Three questions are presented by this appeal.’ If these questions are answered, each, in the affirmative, the judgment of the Superior Court must be affirmed; otherwise, the judgment must be reversed. The questions are :
1. Was it the intention of John I. Raynor, as disclosed by the language used by him in the clause contained in his deeds to the defendants, respectively, construed in the light of all the facts shown in the record, to impose upon the grantee in each of said deeds personal liability for the payment of one-ninth of the amount' of his indebtedness to the Greensboro Joint Stock Land Bank at his death?
2. If so, was it his intention also that such amount should be a specific charge in the nature of an equitable lien on the land conveyed by said deed to the grantee named therein?
3. Are the plaintiffs, as grantees in the deeds executed by John I. Raynor and conveying to them shares of his lands which were encumbered by his mortgage to the Greensboro Joint Stock Land Bank to secure the payment of his indebtedness to said bank, in consequence of the foreclosure of said mortgage and the sale of the said shares under the power of sale contained in the mortgage, entitled to recover of each of the defendants a sum of money equal to one-ninth of said indebtedness at the date of said foreclosure and sale, and to have said sum adjudged a specific charge in the nature of an equitable lien on the land conveyed by the said John I. Raynor to each of the defendants?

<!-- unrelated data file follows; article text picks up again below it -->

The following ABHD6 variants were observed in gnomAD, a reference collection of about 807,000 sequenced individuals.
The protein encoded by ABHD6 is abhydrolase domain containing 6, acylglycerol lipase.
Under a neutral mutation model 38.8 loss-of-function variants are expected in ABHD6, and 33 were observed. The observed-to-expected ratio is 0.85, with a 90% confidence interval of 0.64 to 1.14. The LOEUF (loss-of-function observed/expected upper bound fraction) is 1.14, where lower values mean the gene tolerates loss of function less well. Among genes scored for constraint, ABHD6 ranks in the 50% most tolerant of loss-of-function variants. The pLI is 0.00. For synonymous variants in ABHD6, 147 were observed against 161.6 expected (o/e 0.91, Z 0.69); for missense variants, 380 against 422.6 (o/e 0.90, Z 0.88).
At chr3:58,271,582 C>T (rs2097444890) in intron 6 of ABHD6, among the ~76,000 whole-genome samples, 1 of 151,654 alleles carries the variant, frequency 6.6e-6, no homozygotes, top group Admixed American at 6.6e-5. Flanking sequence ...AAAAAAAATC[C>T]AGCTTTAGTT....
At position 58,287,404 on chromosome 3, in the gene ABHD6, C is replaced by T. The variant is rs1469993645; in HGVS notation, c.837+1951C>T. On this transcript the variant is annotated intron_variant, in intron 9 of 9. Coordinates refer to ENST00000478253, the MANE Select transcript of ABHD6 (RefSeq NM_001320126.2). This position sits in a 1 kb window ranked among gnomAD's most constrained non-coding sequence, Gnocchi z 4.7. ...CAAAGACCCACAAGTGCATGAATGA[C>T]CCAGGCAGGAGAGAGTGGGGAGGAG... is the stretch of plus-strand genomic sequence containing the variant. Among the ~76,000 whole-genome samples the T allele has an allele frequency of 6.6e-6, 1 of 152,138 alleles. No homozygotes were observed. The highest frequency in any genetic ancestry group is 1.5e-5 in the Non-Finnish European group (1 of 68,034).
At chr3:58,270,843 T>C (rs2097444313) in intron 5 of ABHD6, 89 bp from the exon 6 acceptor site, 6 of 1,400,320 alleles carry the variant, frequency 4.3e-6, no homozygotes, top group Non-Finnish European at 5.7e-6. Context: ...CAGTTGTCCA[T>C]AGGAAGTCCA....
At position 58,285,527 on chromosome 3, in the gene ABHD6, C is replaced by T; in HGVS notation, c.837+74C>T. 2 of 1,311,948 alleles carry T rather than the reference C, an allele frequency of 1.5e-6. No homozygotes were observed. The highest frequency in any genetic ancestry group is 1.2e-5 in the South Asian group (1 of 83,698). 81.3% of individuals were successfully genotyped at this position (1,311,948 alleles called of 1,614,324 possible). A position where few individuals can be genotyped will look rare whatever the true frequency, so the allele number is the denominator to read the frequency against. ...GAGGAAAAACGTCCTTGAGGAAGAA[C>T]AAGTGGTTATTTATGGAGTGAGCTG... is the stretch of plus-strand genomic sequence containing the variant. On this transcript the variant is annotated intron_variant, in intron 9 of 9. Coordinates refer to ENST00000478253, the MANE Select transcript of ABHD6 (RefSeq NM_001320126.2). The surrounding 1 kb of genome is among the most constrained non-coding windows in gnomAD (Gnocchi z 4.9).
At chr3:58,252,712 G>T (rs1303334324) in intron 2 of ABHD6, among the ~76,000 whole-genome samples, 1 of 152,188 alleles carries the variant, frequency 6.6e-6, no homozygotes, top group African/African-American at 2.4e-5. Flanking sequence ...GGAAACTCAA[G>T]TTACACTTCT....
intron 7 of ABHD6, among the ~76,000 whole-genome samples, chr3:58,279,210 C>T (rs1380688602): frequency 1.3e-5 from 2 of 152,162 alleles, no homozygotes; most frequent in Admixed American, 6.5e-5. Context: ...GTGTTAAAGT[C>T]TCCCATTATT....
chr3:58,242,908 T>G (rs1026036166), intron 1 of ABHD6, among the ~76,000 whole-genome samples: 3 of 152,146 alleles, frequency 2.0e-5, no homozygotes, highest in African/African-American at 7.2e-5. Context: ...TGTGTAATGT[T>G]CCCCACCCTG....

In the briefs filed in this Court on behalf of the defendants as appellants, it is conceded that the first question must be answered in the affirmative on the principle that when the grantee in a deed has accepted the deed and claims under it, he assumes all liabilities imposed upon him by the deed. See Tripp v. Nobles, 136 N. C., 99, 48 S. E., 675.
The second question must also be answered in the affirmative, on the authority of Marsh v. Marsh, 200 N. C., 746, 158 S. E., 400. In that case it was held that where a father and mother conveyed their lands to their son, to effect a family settlement, and provided in their deed that the son should pay a certain sum of money to his sister, the son, having accepted the deed, and claiming under it, became personally liable for the payment of the money to his sister, and that his sister was entitled to an equitable lien on the land conveyed by the deed to the son for the amount of money which he was directed by the grantors in the deed to pay to her.
The third question must also be answered in the affirmative. The defendants having failed to pay to the Greensboro Joint Stock Land Bank the sums of money which were specifically charged on the lands conveyed to them by John I. Raynor, with the result that the plaintiffs have lost the lands conveyed to them by the said John I. Raynor, the *185plaintiffs are entitled to recover of each, of the defendants the sum of money which the defendants were required to pay to the Greensboro Joint Stock Land Bank in partial discharge of the indebtedness of John I. Raynor, which was secured by his mortgage on the lands of the plaintiffs, on the principle of equitable contribution. Lancaster v. Stanfield, 191 N. C., 340, 132 S. E., 21; Taylor v. Everett, 188 N. C., 247, 124 S. E., 316.
It follows that there is no error in the judgment of the Superior Court. The judgment is